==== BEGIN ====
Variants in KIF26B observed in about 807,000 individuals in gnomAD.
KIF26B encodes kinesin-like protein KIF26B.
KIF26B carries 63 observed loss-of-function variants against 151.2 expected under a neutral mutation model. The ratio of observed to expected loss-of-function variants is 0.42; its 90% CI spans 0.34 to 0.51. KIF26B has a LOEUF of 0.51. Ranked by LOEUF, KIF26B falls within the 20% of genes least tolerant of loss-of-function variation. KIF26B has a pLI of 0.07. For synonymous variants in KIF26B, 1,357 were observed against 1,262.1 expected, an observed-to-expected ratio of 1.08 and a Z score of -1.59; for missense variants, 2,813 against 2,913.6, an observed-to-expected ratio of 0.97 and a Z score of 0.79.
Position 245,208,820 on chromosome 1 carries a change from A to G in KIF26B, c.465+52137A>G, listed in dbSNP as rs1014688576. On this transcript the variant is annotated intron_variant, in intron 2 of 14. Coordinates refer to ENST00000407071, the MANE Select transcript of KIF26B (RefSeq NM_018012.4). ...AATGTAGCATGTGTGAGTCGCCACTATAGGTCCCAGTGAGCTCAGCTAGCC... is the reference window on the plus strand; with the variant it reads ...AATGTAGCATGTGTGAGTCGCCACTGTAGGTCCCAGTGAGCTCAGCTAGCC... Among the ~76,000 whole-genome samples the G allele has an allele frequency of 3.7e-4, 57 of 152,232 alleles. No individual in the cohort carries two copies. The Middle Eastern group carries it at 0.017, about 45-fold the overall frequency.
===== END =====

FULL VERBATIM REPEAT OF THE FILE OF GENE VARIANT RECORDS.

Variants in KIF26B observed in about 807,000 individuals in gnomAD.
KIF26B encodes kinesin-like protein KIF26B.
KIF26B carries 63 observed loss-of-function variants against 151.2 expected under a neutral mutation model. The ratio of observed to expected loss-of-function variants is 0.42; its 90% CI spans 0.34 to 0.51. KIF26B has a LOEUF of 0.51. Ranked by LOEUF, KIF26B falls within the 20% of genes least tolerant of loss-of-function variation. KIF26B has a pLI of 0.07. For synonymous variants in KIF26B, 1,357 were observed against 1,262.1 expected, an observed-to-expected ratio of 1.08 and a Z score of -1.59; for missense variants, 2,813 against 2,913.6, an observed-to-expected ratio of 0.97 and a Z score of 0.79.
Position 245,208,820 on chromosome 1 carries a change from A to G in KIF26B, c.465+52137A>G, listed in dbSNP as rs1014688576. On this transcript the variant is annotated intron_variant, in intron 2 of 14. Coordinates refer to ENST00000407071, the MANE Select transcript of KIF26B (RefSeq NM_018012.4). ...AATGTAGCATGTGTGAGTCGCCACTATAGGTCCCAGTGAGCTCAGCTAGCC... is the reference window on the plus strand; with the variant it reads ...AATGTAGCATGTGTGAGTCGCCACTGTAGGTCCCAGTGAGCTCAGCTAGCC... Among the ~76,000 whole-genome samples the G allele has an allele frequency of 3.7e-4, 57 of 152,232 alleles. No individual in the cohort carries two copies. The Middle Eastern group carries it at 0.017, about 45-fold the overall frequency.